Before any of my readers express concern about my injuring myself by patting myself too roughly on the back, this column is not in any way boasting about my literary prowess. Even though it may sound like that.
No, this is an attempt to answer a question that’s puzzled me for at least five years. Namely, how could an unknown writer with no publicity, no contacts in publishing, no media reviews, relatively few reviews of any kind, self published, no paid advertising, almost no cheap or free advertising, complete ignorance of virtually all the technical bells and whistles of Internet advising, almost NO use of social media, possibly have attracted the interest and loyalty of thousands of readers who aren’t related to me by blood or marriage.
Add to those negative factors, the subject matter which fits uncomfortably in established genres. It’s not erotica, although it has sex and rough language. Erotica is fiction ABOUT sex, designed to arouse sexual desires. My work – whatever else it might be – is not designed to arouse sexual desires and while sex is present, it’s not the major element. It has courtroom action, but it’s not about that – or only about that. It has crime ranging from murder to fairly rough sexual assault, necrophilia, mercy killing, drug dealing on the local, state and international level, racial tensions and murders and the international sex trade. But it is not a crime novel. It’s about divorce and marriage and state politics, but not just about those things.
Okay, you might say, but you haven’t seen my name on any best seller lists, no movies have been announced. How can I say readers love my writing?
From time to time Smashwords and other sites release stats on the typical sales and income for the average reader. It’s fairly common knowledge that the average Indie just putting a novel out with no advance push may sell 100 or 200 books. In my case the figures are several thousand copies and while the average sales may be only 50 or 100 a month, they continue to sell.
And more importantly, two years after the last book was published under DQS or short story as well and no communication with readers, each week brings in emails wondering when the next DQS work will be released. They come from the US, Canada, Europe, South America. Everything I’ve read tells me the key to keep readership is not to let them forget about you. Publish something every year, if not more often.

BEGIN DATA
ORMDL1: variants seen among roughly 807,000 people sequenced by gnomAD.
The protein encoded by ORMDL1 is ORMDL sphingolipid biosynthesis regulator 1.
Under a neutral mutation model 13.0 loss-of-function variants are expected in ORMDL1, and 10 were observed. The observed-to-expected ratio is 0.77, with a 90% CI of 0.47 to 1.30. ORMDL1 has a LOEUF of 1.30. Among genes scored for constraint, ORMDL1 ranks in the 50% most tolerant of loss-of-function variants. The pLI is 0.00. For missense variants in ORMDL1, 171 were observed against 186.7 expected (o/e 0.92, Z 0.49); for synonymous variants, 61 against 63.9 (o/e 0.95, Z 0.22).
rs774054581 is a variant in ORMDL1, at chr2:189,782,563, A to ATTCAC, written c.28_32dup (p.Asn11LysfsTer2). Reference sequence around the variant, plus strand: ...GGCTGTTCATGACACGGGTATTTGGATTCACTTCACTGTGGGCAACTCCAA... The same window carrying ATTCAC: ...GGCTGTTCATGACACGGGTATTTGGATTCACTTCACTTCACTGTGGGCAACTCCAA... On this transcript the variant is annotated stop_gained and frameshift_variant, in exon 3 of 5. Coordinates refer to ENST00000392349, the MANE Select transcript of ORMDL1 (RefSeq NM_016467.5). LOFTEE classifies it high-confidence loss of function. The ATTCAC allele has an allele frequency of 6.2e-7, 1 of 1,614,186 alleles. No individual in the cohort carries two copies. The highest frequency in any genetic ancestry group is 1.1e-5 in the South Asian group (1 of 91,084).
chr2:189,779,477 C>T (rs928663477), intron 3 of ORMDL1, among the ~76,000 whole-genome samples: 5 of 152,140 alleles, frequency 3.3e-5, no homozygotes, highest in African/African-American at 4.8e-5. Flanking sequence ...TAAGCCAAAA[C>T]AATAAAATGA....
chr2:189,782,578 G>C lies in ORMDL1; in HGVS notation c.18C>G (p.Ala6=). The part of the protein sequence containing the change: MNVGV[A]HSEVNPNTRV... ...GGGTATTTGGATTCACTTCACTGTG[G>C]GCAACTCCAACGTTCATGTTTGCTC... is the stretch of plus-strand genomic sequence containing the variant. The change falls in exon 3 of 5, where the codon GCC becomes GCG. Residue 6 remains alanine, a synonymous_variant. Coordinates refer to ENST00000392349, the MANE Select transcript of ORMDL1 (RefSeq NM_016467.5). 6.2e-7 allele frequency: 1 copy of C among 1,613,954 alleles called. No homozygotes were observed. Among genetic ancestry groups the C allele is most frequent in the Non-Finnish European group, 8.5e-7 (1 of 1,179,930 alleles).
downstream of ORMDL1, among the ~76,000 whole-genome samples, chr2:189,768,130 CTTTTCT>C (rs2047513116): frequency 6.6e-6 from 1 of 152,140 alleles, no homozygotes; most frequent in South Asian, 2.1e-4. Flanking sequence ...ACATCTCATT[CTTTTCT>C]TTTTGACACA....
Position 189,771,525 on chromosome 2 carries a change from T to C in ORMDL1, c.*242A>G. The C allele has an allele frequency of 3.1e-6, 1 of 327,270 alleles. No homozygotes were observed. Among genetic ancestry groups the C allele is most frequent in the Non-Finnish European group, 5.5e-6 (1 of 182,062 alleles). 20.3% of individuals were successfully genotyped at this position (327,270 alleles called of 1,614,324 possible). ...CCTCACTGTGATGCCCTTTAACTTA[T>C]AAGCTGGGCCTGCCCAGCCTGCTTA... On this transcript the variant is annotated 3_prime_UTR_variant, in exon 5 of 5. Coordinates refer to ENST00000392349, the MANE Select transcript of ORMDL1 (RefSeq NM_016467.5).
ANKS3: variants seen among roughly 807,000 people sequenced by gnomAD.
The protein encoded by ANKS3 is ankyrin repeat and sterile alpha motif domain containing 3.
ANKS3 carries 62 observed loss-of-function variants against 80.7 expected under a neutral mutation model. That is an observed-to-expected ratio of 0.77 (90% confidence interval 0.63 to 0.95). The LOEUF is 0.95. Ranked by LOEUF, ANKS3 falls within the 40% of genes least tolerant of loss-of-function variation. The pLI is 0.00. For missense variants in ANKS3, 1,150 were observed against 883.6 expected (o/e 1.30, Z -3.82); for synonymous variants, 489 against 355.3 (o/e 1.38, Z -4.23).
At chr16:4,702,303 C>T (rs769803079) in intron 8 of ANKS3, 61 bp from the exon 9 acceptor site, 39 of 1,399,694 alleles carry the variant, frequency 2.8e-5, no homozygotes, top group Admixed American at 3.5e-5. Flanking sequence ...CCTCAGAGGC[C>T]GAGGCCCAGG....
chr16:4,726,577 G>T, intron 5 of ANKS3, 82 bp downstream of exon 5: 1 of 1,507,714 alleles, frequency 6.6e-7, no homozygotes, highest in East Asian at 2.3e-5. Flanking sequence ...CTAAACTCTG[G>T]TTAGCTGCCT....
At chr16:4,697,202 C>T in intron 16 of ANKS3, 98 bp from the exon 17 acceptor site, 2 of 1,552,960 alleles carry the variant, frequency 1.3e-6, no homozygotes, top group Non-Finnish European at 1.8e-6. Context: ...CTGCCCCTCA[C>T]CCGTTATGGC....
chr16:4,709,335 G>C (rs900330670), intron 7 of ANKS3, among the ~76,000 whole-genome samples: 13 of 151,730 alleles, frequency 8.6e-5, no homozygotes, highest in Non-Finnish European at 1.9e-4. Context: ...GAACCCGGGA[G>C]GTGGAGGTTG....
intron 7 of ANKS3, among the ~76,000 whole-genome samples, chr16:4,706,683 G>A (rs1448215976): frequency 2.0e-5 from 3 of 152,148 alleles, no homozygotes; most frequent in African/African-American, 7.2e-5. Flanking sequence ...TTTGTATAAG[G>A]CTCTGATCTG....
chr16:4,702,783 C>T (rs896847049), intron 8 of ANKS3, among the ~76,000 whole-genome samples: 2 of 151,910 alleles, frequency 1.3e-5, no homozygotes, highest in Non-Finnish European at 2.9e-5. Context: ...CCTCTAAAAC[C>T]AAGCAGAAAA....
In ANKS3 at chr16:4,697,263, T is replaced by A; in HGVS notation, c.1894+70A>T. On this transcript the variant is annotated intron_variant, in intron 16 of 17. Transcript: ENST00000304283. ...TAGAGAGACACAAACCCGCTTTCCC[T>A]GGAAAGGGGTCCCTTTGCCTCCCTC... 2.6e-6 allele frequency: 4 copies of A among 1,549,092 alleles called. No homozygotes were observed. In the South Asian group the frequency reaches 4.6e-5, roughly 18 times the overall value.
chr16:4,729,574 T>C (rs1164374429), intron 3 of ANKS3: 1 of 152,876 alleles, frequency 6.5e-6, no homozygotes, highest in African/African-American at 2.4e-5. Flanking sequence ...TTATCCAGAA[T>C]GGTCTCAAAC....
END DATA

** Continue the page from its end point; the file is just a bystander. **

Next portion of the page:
I just released a newsletter this month and the response has staggered me. I really was afraid the newsletter would out in a giant explosion of silence and there would be only the faint sounds of crickets in the night as my name and work were simply forgotten.
And as importantly,while there are a lot of writers who have faithful readers, I don’t have readers who just drop a line and say ‘I liked your latest book,” My readers are more likely to either send me a two page critique of the characters and the plot, or if they hate something, they will unload on me. Bad or good, they care enough to act on their feelings. I don’t know that there is any praise greater than that for any writer.
So, how come?
I had an idea and that was going to be my next post, but this applies more directly. I’m still going to write a post explaining exactly WHAT it is, I write. But this one is WHY my writing has touched a nerve. Today I read http://bigthink.com/ideafeed/is-it-ok-for-men-to-feel-sad and I think it explains why my writing appeals to certain readers.
This intriguing and eye-opening post explains that men can’t cry, can’t show fear, can’t feel or express any deeper emotion. This is a fact that every man – from 25 to 85 – knows in their gut. You can’t express helplessness, even when you’re in a corner and you can’t ask for help. Don’t listen to Millennial crap about women wanting you to share your deepest feelings and fears. Do that and I promise you have a 20 percent or lesser chance of ever getting laid unless you move far away. And try explaining to your wife that you’ve quit your $50,000 a year a job because the soul-sucking routine was killing your soul.
So, if men can’t cry, can’t grieve, can’t communicate any deep emotions, can’t form any attachments outside the bedroom, what purpose do they serve? If you answer a paycheck and sperm, you might be cynical, but would many women in a group away from men argue the point too strenuously.
So why do readers love my writing? Perhaps because my men are not automatons with genitalia. My men – if they don’t cry – at least mourn and they hurt. They wrestle with rejection and depression and betrayal. They don’t walk away from marriages with the main thought in their head that now they can sample new stuff. They love their children and will fight as hard for them as any mother. They love women long beyond the point they should kick their cheating asses out.
So that’s why men love my writing. There aren’t many places in modern literature or culture where a man can find his humanity recognized. Where they are allowed weakness and courage in the face of defeat and humiliation
And female readers? Of which there are a number. Perhaps it’s heartening to realize that despite 50 years of feminist propaganda, there are still decent men. And perhaps they can appreiciate reading about women who make mistakes, terrible mistakes, but remain as fallible and human as any man.
Anyway, those are the reasons I think my readers love my writing. I’d be interested to hear any other opinions.